Miramichi teacher suspended after student sent to office
April 26, 2007 – 5:43 pm
MIRAMICHI, NB – A teacher has been suspended after sending a student to the principal’s office for refusing to stand during the Canadian anthem.
Eric Cameron, a Grade 9 teacher at Miramichi Valley High School, was disciplined following the incident last Thursday.
The superintendent of District 16 school board has declined comment, citing privacy issues.
The student who wouldn’t stand was roughed up after the incident by others on a school bus.
He wasn’t seriously hurt.
Supt. Randall Hansen of Miramichi Regional Police says they’ve spoken to a number of witnesses but charges haven’t been laid.
It can take guts to stand up for your beliefs and not stand up for the national anthem. Especially when you’re a high school student disobeying a teacher’s orders. Especially when you live in a conservative small town, where not standing for the anthem can mean – as it did in this case – getting “roughed up” by your jingoistic “peers”.
Now, subsequent to the above story getting in the news, the school principal issued a statement saying that the teacher was not suspended for kicking the kid out of class, but for some other reason. Right-wing bloggers, for their part, vented their indignation that the teacher might be suspended. For his part, anarchist Duane Rousselle (who had gone to the same high school as a youth) wrote an open letter to the principal calling on them to not rescind the suspension.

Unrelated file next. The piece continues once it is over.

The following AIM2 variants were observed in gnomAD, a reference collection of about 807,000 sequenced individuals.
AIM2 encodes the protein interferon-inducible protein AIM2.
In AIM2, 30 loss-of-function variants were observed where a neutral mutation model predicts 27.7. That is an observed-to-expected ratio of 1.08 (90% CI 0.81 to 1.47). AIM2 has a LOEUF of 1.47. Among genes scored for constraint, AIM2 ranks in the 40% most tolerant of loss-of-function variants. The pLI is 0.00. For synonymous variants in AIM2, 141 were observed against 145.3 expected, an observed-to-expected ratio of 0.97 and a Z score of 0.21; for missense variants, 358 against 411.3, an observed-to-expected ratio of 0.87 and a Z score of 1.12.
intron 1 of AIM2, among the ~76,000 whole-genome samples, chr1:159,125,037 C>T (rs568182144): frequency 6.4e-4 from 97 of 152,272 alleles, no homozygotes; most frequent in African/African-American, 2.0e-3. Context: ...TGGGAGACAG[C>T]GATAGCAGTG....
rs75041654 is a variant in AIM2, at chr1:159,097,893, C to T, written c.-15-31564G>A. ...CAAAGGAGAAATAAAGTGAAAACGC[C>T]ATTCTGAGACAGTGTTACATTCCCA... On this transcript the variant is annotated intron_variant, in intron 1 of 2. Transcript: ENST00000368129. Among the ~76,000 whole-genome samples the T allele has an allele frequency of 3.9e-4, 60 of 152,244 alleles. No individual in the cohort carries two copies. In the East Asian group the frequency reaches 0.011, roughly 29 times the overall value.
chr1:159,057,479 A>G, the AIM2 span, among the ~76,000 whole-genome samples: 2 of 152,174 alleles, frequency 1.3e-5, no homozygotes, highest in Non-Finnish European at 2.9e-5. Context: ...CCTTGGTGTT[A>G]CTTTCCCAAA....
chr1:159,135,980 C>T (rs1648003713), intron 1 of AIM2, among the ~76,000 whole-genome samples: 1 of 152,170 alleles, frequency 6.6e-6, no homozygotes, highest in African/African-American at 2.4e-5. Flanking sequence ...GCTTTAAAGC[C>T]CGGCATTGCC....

Miramichi, from what i understand, is a very white and relatively poor town in New Brunswick. People there have been fucked over by capitalism, but for all that there is not a lot of anti-capitalist sentiment. Rather, people are either blamed for their own difficulties – or else the blame is projected onto a convenient scapegoat, most usually the Mi’kmmaq who recently had some of their national rights to regulate their own lobster trapping in the Miramichi Bay recognized.
Indeed, from what i have heard, the surprise is not that the student got roughed up, but that he dared to take his stand (so to speak) in the first place. Most young radicals leave, going to places like Fredericton or Moncton the first chance they get.
It is a necessary part of our building a movement that we link up with people in places like Miramichi, help them break through their isolation, supporting them to the degree that we can. How to do that may not be obvious, but it should be on our agenda.